Home | Ketchikan | Alaska | Sports | Waterfront | Business | Education | Religion | Scene
Classifieds | Place a class ad | PDF Edition | Home Delivery

Springtime is here. It’s official today at 1:58 p.m. Alaska time.

A record number of Alaskans turned out this past week to tell the House...

Gina Lucille "Bobby" Callister Demmert Milner, 56, died Dec. 10, 2018, in Anchorage.
Tiny critters cause ocean color change: Phytoplankton bloom booms
The Mountain Point boat launch breakwater is seen curving out into unusually colored water on Monday. The cloudy greenish color is caused by a bloom of tiny organisms known as phytoplankton. Photo courtesy of Scott Walker

Daily News Staff Writer

Record-breaking sunlight and heat in recent weeks has yielded an unusually widespread plankton bloom throughout southern Southeast Alaska. The phenomenon is lending a striking turquoise color to much of the area’s waters, including those around Ketchikan.

Scott Walker, the Ketchikan area commercial fisheries management biologist for the Alaska Department of Fish and Game, has observed local waters by floatplane for years. He said last week that the bloom might be the largest he’s ever seen.

“We had a bloom last year, but it was nothing like this year,” Walker said. “Now, like the entire countryside is that way.”

Walker said that the color appears with the most intensity on the west coast of Prince of Wales Island. It ceases around Thorne Bay and Sea Otter Sound in the north, but as of Thursday, he wasn’t sure how far south of Alaska it might extend.

University of Alaska Ketchikan biologist Barbara Morgan said on Monday that the culprit is phytoplankton — tiny, photosynthesizing organisms that drift with the current. Their gold and whitish color, combined with reflected blue skies, give the water its cloudy, greenish effect.

Specifically, these plankton fall under the categories of diatoms, dinoflagellates and coccolithophores.

Based on her recent tests, Morgan said the water is currently safe for swimming and fishing, but she warns against harvesting shellfish for personal use.

Though it’s not associated with any visible changes to the water, a harmful plankton species has been measured in the Ketchikan area in recent weeks.

Southeast Alaskan Tribal Ocean Research issued an advisory July 17 warning against harvesting shellfish after the phytoplankton Alexandrium was measured at Seaport Beach in Saxman. Alexandrium produces the toxins that can cause paralytic shellfish poisoning in humans who have consumed shellfish that have ingested the plankton.

Nicole Forbes, an environmental specialist at the Ketchikan Indian Community, said that shellfish in the greater Ketchikan area could also pose a risk of paralytic shellfish poisoning.

“I think it’s safest to assume that it’s not just at Seaport Beach,” Forbes said on Monday. “I wouldn’t take that risk.”

Strict testing requirements mean that commercially available shellfish are still safe, Morgan said.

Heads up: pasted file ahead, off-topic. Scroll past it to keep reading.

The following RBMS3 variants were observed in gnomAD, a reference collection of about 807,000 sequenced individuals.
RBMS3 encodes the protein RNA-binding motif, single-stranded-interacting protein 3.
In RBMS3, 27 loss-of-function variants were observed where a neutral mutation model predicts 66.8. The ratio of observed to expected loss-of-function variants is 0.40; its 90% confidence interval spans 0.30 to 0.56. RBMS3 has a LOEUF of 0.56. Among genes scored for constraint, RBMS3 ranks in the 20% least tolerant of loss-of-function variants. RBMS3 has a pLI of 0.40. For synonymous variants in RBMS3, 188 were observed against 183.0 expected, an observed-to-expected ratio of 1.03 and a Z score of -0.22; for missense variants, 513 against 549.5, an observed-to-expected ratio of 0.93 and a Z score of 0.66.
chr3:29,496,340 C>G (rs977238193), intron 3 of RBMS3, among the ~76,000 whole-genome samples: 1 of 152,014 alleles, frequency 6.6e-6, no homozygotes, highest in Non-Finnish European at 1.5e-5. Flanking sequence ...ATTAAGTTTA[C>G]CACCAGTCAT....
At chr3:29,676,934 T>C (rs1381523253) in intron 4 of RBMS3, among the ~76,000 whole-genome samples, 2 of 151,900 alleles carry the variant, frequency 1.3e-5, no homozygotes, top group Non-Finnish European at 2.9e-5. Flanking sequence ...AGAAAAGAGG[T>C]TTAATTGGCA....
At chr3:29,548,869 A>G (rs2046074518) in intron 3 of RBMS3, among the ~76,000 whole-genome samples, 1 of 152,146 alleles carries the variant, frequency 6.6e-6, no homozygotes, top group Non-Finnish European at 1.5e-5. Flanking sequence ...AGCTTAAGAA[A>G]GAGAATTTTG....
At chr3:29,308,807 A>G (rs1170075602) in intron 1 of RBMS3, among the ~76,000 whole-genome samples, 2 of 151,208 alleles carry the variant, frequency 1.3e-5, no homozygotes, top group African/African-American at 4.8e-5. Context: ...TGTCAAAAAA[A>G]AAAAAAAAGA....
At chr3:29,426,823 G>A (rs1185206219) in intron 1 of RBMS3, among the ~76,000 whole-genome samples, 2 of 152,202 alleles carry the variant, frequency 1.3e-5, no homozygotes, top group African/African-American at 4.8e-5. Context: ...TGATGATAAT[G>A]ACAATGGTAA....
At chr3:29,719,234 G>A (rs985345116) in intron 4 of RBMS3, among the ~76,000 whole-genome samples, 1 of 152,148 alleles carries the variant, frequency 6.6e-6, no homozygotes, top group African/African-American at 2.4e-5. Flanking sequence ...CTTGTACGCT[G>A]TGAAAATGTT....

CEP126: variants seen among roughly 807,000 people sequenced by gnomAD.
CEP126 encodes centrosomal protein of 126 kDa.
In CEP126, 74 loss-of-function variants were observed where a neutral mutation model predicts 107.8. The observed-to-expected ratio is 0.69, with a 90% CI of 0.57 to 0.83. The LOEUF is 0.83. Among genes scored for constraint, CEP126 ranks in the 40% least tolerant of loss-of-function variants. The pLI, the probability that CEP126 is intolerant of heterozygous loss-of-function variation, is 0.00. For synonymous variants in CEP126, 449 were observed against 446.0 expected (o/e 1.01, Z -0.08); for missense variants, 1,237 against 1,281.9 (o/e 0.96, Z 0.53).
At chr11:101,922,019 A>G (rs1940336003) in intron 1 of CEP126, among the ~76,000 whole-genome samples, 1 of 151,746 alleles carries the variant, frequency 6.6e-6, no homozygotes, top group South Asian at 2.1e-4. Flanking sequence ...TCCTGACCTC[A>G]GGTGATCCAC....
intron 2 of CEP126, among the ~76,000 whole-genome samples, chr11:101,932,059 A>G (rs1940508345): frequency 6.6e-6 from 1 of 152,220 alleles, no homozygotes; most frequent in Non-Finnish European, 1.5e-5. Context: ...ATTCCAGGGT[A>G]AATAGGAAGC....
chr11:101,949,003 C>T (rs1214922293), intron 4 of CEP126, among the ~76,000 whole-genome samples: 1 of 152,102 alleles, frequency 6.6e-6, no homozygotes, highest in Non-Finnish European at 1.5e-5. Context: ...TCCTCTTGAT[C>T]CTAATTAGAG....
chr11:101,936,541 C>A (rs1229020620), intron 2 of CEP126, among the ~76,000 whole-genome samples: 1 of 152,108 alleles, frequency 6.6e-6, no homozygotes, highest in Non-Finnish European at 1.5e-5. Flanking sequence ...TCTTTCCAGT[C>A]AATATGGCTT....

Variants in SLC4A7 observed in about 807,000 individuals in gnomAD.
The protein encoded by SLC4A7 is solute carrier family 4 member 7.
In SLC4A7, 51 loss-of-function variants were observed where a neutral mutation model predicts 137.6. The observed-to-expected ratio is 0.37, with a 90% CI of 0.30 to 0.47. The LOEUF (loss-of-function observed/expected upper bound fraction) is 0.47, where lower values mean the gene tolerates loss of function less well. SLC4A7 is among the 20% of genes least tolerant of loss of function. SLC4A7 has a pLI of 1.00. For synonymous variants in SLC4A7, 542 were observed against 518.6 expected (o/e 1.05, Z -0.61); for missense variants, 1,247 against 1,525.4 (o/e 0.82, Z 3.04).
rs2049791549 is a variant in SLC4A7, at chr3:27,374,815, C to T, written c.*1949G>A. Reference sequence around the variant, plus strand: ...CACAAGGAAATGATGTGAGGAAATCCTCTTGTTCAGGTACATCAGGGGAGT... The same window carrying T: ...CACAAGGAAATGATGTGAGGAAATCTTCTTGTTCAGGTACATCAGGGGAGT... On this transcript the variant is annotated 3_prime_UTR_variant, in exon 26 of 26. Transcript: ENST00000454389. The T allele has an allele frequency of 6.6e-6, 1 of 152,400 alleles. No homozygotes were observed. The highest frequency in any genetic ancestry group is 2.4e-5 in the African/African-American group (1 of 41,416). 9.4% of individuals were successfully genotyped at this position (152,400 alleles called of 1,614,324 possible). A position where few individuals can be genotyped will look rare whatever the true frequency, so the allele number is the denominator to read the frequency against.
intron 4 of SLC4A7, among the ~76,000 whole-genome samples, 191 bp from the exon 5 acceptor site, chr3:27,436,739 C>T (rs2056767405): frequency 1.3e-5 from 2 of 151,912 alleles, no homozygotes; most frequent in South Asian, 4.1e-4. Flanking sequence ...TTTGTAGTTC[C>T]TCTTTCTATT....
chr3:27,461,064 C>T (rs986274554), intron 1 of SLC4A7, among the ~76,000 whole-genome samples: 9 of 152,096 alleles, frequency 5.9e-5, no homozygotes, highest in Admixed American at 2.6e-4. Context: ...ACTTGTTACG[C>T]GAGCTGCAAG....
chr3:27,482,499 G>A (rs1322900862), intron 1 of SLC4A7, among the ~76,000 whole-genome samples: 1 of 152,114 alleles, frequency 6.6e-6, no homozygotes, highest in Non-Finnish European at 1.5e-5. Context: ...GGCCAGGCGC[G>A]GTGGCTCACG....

None of the plankton species reported so far are toxic to salmon. But, according to Morgan, clouded water could discourage salmon from entering the area, which could lead to a shorter window of time for fishermen in the inside waters to catch them.

“What I’ve noticed in the past is that salmon don’t really like going into this opaque water that we have right now because they can’t see very well,” Morgan said. “… So they lay off shore where the phytoplankton bloom isn’t happening, and they wait until it disappears or thins out and then they come shooting in and just go right upstream.”

Walker, of Fish and Game, agreed that thick plankton blooms likely pose challenges to the fish, though he said he wasn’t aware what kind of specific effects they might have.

There do appear to be some benefits to the phenomenon, including water oxygenation.

“They are photosynthesizing, … and so they are also producing a lot of oxygen,” she said. “Worldwide, the phytoplankton in the oceans make out about half of the oxygen in the atmosphere. So not only are they not depleting the oxygen, they’re actually making a lot of oxygen.”

Phytoplankton also serve as food for zooplankton, which feed fish.

As for the future, Morgan said she expects climate change to contribute to more intense plankton blooms.

“We are seeing increased temperatures periodically, and that is affecting algal blooms on a global scale,” she said. “… My expectation, the expectation I think of scientists in general, is that we will see more of these kind of events happening with global climate change becoming more and more exaggerated as time goes by.”

According to Morgan, the effects of larger blooms would depend on what kind of plankton are present.

“Depending on the species, it could either be good … or it could be really detrimental,” she said. “If we had a bloom of this magnitude that was a toxic variety, that would have a big effect.”